12 May 2012
So what's the appeal of sitting around talking about Plutarch, the Cartesian perfect apple or epistemology? Phillips says it's about finding "exhilarating perplexity", which he defines as "moments where your vision of the truth is a little less solid". He suggests it is encapsulated in Aristotle's word eudaimonia, which is roughly translated as "human flourishing".
Based on the Socratic notion that the unconscious determines emotional and physical well-being, Evans believes philosophising can actually reduce personal suffering. The idea (much simplified) is that uncovering "bad ways of thinking" can help in a similar way to modern forms of cognitive behavioural therapy. "The word 'ethics' is actually rooted in the Greek word for 'habit'," he says. "The ancients carried handbooks digesting their ideas and memorised catchphrases to help them out in difficult situations."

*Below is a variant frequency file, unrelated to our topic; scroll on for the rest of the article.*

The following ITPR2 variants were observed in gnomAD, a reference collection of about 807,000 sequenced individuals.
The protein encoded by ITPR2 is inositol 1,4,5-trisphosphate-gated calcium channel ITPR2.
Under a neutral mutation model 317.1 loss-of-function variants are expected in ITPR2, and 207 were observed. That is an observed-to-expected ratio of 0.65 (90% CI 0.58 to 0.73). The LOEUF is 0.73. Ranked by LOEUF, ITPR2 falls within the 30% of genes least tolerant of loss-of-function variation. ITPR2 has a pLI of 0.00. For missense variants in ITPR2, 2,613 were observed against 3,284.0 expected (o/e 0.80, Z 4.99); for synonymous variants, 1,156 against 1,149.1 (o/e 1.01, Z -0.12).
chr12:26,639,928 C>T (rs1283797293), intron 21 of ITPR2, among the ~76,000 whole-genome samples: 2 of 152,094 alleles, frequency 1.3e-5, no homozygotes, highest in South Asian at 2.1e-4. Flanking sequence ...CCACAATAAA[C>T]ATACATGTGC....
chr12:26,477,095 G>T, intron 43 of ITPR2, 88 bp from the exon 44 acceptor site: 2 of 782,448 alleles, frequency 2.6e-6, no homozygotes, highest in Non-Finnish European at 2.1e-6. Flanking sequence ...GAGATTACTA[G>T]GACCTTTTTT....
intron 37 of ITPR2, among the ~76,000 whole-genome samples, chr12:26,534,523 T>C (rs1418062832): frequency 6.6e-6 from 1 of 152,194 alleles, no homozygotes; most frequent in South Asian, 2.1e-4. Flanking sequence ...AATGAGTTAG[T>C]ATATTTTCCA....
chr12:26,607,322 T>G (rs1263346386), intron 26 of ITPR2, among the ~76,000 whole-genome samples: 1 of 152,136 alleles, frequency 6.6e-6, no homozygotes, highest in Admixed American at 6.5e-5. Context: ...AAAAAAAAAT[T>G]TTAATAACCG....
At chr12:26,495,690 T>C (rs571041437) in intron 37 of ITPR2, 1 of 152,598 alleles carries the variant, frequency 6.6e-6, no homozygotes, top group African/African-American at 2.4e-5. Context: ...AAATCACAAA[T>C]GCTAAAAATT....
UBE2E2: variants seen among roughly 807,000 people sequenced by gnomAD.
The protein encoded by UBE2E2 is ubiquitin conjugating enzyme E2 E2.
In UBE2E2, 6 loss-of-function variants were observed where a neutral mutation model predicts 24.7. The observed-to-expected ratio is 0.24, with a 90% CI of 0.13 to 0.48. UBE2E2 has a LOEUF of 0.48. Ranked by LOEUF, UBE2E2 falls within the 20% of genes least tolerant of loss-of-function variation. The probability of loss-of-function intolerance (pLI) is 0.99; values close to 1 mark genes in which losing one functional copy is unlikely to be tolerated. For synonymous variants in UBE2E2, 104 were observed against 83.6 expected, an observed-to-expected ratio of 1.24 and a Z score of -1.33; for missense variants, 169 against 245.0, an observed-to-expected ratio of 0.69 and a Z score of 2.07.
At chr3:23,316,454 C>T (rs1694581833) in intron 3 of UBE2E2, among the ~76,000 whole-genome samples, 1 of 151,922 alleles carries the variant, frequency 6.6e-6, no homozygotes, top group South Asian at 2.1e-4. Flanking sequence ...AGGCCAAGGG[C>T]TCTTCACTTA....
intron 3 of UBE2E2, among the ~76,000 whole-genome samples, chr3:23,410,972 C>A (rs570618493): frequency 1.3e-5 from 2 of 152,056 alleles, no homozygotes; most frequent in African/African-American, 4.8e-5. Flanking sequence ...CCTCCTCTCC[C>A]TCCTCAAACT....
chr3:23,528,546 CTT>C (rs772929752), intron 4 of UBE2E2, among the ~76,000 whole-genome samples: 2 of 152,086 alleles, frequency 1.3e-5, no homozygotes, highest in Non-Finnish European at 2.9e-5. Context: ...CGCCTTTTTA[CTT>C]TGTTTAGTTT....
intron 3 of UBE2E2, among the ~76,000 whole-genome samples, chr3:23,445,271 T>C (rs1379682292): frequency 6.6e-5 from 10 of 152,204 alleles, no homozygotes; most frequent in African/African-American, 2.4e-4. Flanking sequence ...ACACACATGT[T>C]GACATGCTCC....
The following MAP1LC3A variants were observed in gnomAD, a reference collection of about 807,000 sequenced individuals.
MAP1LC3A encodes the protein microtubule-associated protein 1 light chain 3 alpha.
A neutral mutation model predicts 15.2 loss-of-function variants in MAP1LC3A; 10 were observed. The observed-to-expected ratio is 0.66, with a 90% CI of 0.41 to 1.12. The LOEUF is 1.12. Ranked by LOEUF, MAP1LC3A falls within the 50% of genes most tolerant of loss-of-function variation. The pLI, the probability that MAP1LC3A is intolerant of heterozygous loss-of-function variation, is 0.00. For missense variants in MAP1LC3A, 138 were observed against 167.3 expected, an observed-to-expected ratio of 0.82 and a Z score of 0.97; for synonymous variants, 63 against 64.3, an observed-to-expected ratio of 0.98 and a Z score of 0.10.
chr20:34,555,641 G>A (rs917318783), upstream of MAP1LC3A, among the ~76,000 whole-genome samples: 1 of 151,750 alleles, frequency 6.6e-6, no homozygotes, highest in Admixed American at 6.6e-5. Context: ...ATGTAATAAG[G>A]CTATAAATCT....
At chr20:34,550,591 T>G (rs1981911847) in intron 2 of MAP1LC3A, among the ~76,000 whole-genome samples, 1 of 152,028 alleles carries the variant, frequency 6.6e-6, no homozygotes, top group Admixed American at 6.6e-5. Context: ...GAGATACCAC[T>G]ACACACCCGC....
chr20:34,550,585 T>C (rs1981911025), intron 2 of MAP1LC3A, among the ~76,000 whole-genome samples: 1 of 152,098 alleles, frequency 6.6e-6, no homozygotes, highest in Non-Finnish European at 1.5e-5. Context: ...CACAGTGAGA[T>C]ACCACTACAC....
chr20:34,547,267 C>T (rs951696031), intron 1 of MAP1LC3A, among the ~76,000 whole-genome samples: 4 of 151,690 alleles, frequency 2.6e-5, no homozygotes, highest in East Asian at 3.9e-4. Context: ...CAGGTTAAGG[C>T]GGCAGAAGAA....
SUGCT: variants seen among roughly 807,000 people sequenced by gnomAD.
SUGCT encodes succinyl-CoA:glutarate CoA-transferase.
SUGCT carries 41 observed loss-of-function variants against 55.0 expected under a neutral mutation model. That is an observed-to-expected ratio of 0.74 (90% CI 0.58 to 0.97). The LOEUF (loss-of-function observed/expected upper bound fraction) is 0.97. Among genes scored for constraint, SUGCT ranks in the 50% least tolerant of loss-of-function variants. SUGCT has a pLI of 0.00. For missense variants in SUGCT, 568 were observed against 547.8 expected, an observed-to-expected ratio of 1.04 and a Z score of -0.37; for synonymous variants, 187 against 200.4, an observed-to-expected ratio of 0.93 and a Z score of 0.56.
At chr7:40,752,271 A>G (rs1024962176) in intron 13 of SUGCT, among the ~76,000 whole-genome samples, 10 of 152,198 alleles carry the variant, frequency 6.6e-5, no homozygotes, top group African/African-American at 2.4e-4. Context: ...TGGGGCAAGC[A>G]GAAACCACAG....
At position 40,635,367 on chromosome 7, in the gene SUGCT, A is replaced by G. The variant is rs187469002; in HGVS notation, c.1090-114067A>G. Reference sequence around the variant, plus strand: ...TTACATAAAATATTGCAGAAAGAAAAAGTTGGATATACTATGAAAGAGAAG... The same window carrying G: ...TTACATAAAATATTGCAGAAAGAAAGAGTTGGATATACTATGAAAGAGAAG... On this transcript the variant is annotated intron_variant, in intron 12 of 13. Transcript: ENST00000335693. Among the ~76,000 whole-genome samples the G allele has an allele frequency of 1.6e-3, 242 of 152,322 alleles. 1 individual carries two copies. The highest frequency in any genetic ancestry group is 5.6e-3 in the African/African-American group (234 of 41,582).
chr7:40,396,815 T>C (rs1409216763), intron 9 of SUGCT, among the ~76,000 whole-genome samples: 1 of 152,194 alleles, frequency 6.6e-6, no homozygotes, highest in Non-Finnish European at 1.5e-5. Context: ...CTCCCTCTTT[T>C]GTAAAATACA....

Read the rest at The Independent.